Welcome to the Age of Equivalency. Last Sunday (Aug. 1) The New York Times published a full-page report about the Corcoran Gallery's current exhibition. With a catalogue by its curator, Leah Bendavid-Val, the famed Washington venue displays an "enormous and instructive show of 232 images." The question, of course, is what kind of instruction Propaganda and Dreams: Photographing the 1930's in the U.S.S.R. and the U.S. intends to impart.
Since America's socialists feel they must conceal their true political designation - as an alarmed Bill Clinton reminded the dangerously sincere Prime Minister of Italy on April 25, 1999 - the need for other means of identification has been with us for some time. This column is an attempt to fill that need.
During the Great Depression of the 1930's, and especially during the Spanish Civil War of 1936, glorifying the Soviet Union was quite the thing to do in America. The alliance occasioned by World War II went even further in portraying communism in a highly favorable light. Who in America bothered to remember that only two years earlier the natural embrace of National Socialist Germany and Soviet Socialist Russia was concluded between Adolf Hitler and Josef Stalin who celebrated the treaty with a "which of us can kill more Poles?" contest.
But when the Soviet Union once again showed its true colors by initiating the Cold War against the West and humanity in general, it became much less popular for America's socialists to extol the greatness of their masters in Moscow.
As the number of those killed in the name of socialism continued to climb toward the hundred million mark, new approaches had to be found - and were.
On the one hand, every effort is made to ascribe the abject failure of the Soviet Union to Stalin's bestiality, even though it began with Lenin and continued for nearly forty years after Stalin's death. Also, by suddenly calling the Soviet system state capitalism, the suggestion is that socialism has yet to be tried properly. The brochure to the Corcoran exhibition comes up with yet another method: It ascribes Soviet practices to a "Russian collective impulse rooted in village life, rather than Marxism or Communism."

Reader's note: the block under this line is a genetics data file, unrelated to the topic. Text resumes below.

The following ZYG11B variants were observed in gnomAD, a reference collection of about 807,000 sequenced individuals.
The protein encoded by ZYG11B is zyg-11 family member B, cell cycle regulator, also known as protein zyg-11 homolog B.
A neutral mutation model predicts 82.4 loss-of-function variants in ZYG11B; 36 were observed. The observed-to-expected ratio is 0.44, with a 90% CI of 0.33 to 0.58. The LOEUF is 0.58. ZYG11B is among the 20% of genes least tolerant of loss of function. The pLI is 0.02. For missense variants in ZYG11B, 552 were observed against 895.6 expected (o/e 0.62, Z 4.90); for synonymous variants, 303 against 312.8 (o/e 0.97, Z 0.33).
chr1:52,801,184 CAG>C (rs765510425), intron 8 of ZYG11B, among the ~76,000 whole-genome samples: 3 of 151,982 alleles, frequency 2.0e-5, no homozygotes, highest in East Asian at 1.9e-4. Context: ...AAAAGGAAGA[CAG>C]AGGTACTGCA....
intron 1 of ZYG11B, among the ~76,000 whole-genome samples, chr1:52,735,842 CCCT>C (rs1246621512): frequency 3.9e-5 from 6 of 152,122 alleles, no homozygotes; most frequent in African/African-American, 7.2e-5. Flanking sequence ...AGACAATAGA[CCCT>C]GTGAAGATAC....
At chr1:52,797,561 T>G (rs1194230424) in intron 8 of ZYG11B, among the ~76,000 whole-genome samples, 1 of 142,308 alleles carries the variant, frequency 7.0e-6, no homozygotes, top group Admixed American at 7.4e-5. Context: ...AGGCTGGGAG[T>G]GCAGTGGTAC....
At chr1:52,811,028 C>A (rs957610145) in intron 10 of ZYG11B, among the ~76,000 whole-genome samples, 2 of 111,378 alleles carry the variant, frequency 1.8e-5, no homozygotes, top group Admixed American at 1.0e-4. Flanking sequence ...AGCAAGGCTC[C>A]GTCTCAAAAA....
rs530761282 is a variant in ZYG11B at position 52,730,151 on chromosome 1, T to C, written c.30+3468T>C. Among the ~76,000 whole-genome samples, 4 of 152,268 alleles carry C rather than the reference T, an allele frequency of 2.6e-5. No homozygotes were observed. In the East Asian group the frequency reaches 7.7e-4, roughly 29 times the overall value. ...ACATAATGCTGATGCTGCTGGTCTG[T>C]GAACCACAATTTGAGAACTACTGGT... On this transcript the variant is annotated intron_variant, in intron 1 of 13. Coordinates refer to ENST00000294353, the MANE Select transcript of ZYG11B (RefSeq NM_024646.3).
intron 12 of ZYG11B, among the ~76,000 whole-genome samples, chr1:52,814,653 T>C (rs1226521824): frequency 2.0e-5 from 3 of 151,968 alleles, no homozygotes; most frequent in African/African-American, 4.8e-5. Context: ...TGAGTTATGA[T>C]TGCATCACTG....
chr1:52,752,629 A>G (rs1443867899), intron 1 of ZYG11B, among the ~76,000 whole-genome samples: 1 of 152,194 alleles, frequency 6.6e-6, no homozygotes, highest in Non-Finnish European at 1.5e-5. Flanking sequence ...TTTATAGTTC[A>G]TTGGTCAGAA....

But deep down, socialists know that these are hard sells in America, just as the socialist label itself. That's why Equivalency was invented. The United States, they will have you believe, is not all that different. In the present case, propaganda by the U.S. government is not all that different. Where America is different, writes the curator of the Corcoran Gallery, is that "Americans...believed that the individual had a basic right to act aggressively on his own behalf."
(Decide for yourself which the curator finds more to her liking: the collective impulse of the village, or aggressive individuals.)
The Age of Equivalency was ushered in by the authors of the so-called National Standards for U.S. History, who portray the Cold War as a "sword play between the United States and the Soviet Union." For those who might have forgotten, the Cold War was initiated with the Soviet blockade of West Berlin. In response, the United States organized the airlift, supplying Berlin from the air in an historic exercise of self control. Given the balance of forces at the time, any other power would have flaunted its nuclear capability; the United States did not even issue a threat.
But that, of course, did not impress the history department of the University of California at Los Angeles, where most of the authors of the overwhelmingly socialist National Standards draw their share of the tax-payers' money. And since even they conceal their political beliefs, we need the tools offered here.
This is how it works. It's a fair bet that anyone who seriously suggests parallels between the U.S.S.R. and the United States is a socialist since it can be done only by deliberately misrepresenting the American side, and by legitimizing the Soviet side. It is another fair bet that anyone who equates the blacklisting of the so-called Hollywood Ten in America with the tens of millions killed on the other side is also a socialist at heart.
Portraying the Soviet Union as a legitimate experiment with lofty goals gone wrong provides the basic clue. But, to be on the safe side, ask apologists for the Soviets whether they view the Third Reich in a similar vein.
For there is your ultimate proof. A sure hallmark of a socialist is the frantic insistence on separating twentieth century's evil twins: National Socialism and Soviet Socialism. Like much else, the practice was begun by Josef Stalin who ordered the misnomer "fascist" to be applied to Nazi Germany to avoid the obvious analogy.
Perhaps, some day the Corcoran Gallery will give us an exhibition of photographs portraying the 1930's in the Third Reich alongside those from the Soviet Union. Then, a picture being worth a thousand words, we will have cause to celebrate.
For the surest sign of socialist thinking is the shameless assertion that, while the Third Reich was evil, the Soviet Union was benign.